Though it was a bit late in the game for fault-finding, he snuck away to inspect the cavernous basement (dads love basements for some reason) while I surveyed the master bedroom. God, it looked so small all of a sudden, even without furniture. I swallowed hard. Would my whole life fit in here? Visions of Colorado came flashing into my head. The one that got away. Why am I buying a house in Iowa?
Dad called from the stairwell with an urgency in his voice that shook my knees. “Meredith? We’ve got water in the basement!” And he didn’t mean the utility sink. My realtor and I looked at each other wide-eyed and crept single file down into the belly of the beast.
Heavy rains all night had sent a tributary streaming across the basement floor, fingering in three directions along the lowest points of the uneven cement and pooling around the baseboards.
I took in the awful sight. WET BASEMENT. This was one of my deal breakers. This is it, I thought, I can get out of this now and never look back. It may have looked like I was standing in a puddle clutching my dad’s arm, but I was already out the door.
I longed for dry carpet. Dry, dusty, brown apartment carpet. My cozy bed in my cozy apartment bedroom. My lumpy bathroom ceiling, my cramped kitchen. Where was my home now?? Certainly not in this tiny, leaky house on the edge of town, I thought.
“I am not happy,” I said through gritted teeth to anyone listening.
Later that afternoon, with my confidence in tatters, my heart in shambles, and not even a whisper of will left to stomach the path forward, I sent a message to a friend, asking for prayers but hoping for guidance.
“A resolution needs to be made on paper, on the property, and also in my heart, which feels pretty shredded up right now,” I wrote. I felt like my fiancé had cheated on me, like he’d decided to sneak in one final fling before putting the ring on. I had been duped.
My friend replied, “Meredith, finding this out now is a gift. You get to see all the imperfections and decide if you are still in love. It’s what makes relationships real.”
Relationship?? I thought. Is that what this is?
The day after Thanksgiving, a bonafide basement specialist agreed to have a look, amidst an entire posse of concerned parties. Built like a house himself, he calmly walked from corner to corner to corner, inspecting every inch of the gutter system, the yard, and the foundation—both outside and in. Finally, upon my request, he got permission to cut away some of the paneling that obscured our view of the foundation at the exact location of seepage, tucked inside the creepy crawl space under the steps. He took a long look, then offered up his flashlight, inviting me to crouch down with him in the dark so I could see the monster in the closet with my own eyes.
I shone the light. No cracks, no gaps. Just a wall of reddish tile still sturdily stacked in the right order. We stood up together.
He recognized the worry in my face, heard the tremor in my words, and softened his voice for what felt like a heart to heart. Just him and me. The realtors and sellers and fathers faded away into the background. I looked over the top of my N95 mask into Basement Guy’s very kind eyes and hung on his every syllable. He whispered, “There is nothing about this foundation that has me worried. Nothing.” My heart began to slow its pace. “In the scheme of things, this really is an easy fix. You just need to regrade your yard a little so water is running away from your house, not toward it. A truckload of soil and a couple guys moving dirt around is all I expect it will take,” he said, offering his final two cents, with no skin in the game: “This really is a great little starter home.”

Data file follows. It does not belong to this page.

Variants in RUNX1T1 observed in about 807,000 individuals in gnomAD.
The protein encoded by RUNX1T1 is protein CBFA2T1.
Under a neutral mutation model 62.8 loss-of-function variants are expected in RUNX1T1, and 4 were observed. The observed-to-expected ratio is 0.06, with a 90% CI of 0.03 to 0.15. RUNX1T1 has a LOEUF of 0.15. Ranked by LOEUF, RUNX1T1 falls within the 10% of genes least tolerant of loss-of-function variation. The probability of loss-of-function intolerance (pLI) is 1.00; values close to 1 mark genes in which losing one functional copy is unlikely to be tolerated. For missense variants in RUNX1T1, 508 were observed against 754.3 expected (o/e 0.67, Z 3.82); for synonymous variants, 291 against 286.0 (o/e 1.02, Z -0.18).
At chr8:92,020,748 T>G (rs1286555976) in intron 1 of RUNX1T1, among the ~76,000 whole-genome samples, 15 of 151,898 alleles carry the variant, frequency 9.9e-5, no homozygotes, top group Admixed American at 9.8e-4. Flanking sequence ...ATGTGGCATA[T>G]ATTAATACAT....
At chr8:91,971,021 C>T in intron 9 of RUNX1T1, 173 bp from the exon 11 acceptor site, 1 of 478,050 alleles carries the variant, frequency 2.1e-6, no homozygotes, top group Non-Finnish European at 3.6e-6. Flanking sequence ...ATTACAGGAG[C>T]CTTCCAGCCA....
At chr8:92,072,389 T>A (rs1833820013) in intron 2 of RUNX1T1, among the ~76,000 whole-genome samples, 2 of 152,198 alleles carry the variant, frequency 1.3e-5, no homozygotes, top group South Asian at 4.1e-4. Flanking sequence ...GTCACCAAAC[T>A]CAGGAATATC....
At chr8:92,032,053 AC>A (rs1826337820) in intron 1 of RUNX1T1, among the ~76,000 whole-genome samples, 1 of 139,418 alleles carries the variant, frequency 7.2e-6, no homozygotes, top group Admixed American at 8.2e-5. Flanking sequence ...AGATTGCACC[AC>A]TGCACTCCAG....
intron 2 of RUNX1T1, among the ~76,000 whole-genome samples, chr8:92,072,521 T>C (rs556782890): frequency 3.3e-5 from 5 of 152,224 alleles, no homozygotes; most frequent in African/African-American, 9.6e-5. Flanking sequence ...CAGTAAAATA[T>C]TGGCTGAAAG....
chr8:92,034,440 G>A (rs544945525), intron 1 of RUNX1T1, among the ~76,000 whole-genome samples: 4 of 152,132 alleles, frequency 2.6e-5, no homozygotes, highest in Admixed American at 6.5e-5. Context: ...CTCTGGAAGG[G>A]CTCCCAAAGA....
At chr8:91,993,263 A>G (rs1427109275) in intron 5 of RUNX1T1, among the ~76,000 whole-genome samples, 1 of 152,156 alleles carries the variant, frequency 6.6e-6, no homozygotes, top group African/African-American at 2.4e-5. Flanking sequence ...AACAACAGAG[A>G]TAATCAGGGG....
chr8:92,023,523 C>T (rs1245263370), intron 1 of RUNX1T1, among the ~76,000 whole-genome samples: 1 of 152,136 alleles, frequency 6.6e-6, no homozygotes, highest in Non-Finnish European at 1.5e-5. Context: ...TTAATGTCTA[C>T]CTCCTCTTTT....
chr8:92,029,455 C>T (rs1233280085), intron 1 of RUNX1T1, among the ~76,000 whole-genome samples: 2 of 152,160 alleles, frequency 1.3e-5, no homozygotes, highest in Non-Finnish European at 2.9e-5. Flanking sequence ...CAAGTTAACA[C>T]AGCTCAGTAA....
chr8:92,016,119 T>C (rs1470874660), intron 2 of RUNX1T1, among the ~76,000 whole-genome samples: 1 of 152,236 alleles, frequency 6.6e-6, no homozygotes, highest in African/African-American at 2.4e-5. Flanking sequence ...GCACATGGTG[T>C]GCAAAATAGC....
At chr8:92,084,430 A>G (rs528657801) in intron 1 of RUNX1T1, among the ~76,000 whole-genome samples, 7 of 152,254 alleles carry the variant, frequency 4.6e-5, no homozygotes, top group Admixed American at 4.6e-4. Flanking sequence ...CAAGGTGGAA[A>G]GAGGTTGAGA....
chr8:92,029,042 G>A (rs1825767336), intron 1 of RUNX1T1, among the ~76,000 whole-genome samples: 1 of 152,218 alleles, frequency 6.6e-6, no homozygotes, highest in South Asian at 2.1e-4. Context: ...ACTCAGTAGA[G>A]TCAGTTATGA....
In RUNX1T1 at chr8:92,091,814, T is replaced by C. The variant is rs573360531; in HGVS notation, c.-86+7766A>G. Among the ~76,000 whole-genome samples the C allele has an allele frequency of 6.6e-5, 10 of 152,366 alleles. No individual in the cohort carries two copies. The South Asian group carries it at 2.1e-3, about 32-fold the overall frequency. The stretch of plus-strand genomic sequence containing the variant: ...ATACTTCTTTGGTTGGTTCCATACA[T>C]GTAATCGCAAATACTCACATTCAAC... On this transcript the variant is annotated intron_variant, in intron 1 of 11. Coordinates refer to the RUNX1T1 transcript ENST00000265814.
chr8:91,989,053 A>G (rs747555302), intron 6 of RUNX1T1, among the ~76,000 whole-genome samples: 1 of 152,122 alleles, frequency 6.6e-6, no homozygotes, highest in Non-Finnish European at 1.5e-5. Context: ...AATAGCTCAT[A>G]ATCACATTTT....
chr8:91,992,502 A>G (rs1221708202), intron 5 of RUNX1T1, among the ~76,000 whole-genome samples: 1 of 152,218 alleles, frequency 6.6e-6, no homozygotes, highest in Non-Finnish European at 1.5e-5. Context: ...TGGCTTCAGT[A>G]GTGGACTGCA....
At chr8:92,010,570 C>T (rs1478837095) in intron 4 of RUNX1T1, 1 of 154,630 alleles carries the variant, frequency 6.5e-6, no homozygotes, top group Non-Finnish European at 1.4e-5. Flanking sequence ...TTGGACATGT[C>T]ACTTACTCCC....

I instinctively reached up to touch the low basement ceiling, patting it with my hand. “Good house,” I said, finding both peace and affection in the place my fingers made contact.
With water leaking only from my eyes this time, I looked into the man’s clear blues, melted with him into a rare mid-pandemic hug, and said, “I do.”
The last month has been a journey of discovery as, of course, I’ve begun uncovering every thing about the place that drives me nuts. There is nary an outlet where I need one. The shower nozzle gets everything wet but me, and after regrading, the yard is now 93 percent mud. But I’m learning. Day by day and breath by breath, I am learning not to freak out when something goes awry, learning to be patient, kind even. I will address the things that bother me in due time. Or not. I get to decide.
Of course, I envy people who can delegate household fix-its with a “Honey-Do List.” I guess I’m the honey now? Or maybe I get to have a lot of honeys. My experimental mantra since November has been, “The right people show up to help me when I need it.” So far it’s been one thousand percent true.
In the meantime, I’m having way too much fun picking out rugs that feel good under my feet, hanging curtain rods for the first time in my life, and finding a home for everything I brought in. Especially me.
My house is 111 years old. In numerology, I’ve heard that’s as good a lineup of digits as they come if you’re looking for confirmation that “you’re in the right place at the right time.” Call me weird, but I keep noticing the clock at exactly 1:11. The angels have spoken. Sound the gong of love.
In my house, I get to soak in the delicious waters of my claw-foot bathtub, water finally deep enough and hot enough to make me say, “Oh my God, yesssssssss…” The old apartment tub never really did it for me. Enfolded in lavender bubbles and inhaling newly burned sage as it dances through the steam, I stare up at a clean, white bathroom ceiling.